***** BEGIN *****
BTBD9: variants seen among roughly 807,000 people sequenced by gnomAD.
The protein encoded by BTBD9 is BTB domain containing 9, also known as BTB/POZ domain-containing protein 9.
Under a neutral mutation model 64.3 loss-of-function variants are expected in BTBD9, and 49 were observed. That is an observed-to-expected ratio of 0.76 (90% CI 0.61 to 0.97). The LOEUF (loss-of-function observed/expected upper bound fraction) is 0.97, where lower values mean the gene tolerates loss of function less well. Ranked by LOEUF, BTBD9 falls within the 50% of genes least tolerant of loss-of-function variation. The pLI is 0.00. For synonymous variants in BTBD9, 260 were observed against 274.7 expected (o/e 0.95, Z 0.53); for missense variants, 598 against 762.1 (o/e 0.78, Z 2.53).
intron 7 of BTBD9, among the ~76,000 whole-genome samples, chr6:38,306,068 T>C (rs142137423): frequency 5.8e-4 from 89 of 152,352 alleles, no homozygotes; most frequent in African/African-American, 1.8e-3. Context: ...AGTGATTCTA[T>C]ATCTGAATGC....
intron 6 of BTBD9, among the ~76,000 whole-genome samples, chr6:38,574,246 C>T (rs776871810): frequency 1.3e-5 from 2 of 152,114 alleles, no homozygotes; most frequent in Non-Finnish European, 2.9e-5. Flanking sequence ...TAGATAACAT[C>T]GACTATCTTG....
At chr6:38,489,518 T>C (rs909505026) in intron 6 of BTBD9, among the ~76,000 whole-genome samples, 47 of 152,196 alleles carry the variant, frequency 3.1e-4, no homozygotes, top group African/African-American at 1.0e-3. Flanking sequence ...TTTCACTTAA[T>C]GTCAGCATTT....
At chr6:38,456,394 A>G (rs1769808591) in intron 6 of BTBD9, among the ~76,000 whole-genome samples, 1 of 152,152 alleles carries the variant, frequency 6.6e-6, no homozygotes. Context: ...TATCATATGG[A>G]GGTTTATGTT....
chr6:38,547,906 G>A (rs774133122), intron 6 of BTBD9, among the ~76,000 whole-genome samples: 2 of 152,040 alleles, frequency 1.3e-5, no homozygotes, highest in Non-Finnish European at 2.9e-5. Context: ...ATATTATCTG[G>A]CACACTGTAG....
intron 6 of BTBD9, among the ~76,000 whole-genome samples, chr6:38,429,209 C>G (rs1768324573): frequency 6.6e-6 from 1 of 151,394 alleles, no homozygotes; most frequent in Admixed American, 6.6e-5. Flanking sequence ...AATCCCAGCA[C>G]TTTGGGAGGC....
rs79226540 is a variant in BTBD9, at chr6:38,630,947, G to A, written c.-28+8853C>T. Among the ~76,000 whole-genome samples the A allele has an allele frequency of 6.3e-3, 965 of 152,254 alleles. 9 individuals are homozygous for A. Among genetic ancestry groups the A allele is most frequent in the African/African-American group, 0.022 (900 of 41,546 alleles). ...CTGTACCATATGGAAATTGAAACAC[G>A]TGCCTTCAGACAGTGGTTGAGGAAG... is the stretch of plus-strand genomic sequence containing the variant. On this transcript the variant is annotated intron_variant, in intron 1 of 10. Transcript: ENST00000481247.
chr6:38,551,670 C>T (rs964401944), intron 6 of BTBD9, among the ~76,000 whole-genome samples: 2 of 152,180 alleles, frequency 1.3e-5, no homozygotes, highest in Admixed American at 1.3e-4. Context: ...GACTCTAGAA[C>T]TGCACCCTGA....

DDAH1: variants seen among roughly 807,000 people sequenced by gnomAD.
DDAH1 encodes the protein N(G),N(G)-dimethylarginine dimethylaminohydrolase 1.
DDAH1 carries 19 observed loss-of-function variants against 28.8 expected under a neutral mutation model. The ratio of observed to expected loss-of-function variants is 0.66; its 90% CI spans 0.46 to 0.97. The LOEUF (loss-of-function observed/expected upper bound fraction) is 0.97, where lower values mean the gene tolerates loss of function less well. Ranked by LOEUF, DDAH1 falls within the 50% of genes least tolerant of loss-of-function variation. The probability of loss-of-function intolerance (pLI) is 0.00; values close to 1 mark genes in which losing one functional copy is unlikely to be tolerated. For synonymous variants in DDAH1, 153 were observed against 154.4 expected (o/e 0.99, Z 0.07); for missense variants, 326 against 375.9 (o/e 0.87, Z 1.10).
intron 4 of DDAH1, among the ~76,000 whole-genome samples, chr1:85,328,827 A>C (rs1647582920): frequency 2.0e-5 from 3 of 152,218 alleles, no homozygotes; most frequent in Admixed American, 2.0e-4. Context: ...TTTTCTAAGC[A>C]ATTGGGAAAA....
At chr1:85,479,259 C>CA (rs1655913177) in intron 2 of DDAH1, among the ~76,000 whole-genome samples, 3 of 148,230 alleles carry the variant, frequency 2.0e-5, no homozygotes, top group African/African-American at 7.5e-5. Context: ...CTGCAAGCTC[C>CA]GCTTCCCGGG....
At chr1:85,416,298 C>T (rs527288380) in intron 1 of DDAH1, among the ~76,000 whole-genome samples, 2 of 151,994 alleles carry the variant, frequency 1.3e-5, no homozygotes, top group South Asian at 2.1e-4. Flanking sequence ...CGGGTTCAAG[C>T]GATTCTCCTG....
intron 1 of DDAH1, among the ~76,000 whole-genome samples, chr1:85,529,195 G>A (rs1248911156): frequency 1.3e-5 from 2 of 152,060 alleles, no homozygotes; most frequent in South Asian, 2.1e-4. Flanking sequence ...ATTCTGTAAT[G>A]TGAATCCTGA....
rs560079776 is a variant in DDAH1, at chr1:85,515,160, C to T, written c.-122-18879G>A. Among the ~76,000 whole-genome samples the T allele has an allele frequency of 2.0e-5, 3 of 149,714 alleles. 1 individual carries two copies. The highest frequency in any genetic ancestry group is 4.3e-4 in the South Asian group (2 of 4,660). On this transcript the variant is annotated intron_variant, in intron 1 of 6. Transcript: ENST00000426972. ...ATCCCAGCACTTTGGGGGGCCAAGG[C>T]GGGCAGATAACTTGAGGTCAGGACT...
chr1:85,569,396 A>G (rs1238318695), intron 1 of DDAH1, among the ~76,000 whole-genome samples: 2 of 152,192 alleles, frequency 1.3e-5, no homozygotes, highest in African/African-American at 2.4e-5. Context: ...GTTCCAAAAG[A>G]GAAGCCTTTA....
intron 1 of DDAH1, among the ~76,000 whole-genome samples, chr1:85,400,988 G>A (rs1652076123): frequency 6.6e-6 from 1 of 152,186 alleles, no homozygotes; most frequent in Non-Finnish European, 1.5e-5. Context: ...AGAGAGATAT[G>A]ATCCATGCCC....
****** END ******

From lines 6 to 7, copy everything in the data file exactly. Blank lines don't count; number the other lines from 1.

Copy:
At chr6:38,489,518 T>C (rs909505026) in intron 6 of BTBD9, among the ~76,000 whole-genome samples, 47 of 152,196 alleles carry the variant, frequency 3.1e-4, no homozygotes, top group African/African-American at 1.0e-3. Flanking sequence ...TTTCACTTAA[T>C]GTCAGCATTT....
At chr6:38,456,394 A>G (rs1769808591) in intron 6 of BTBD9, among the ~76,000 whole-genome samples, 1 of 152,152 alleles carries the variant, frequency 6.6e-6, no homozygotes. Context: ...TATCATATGG[A>G]GGTTTATGTT....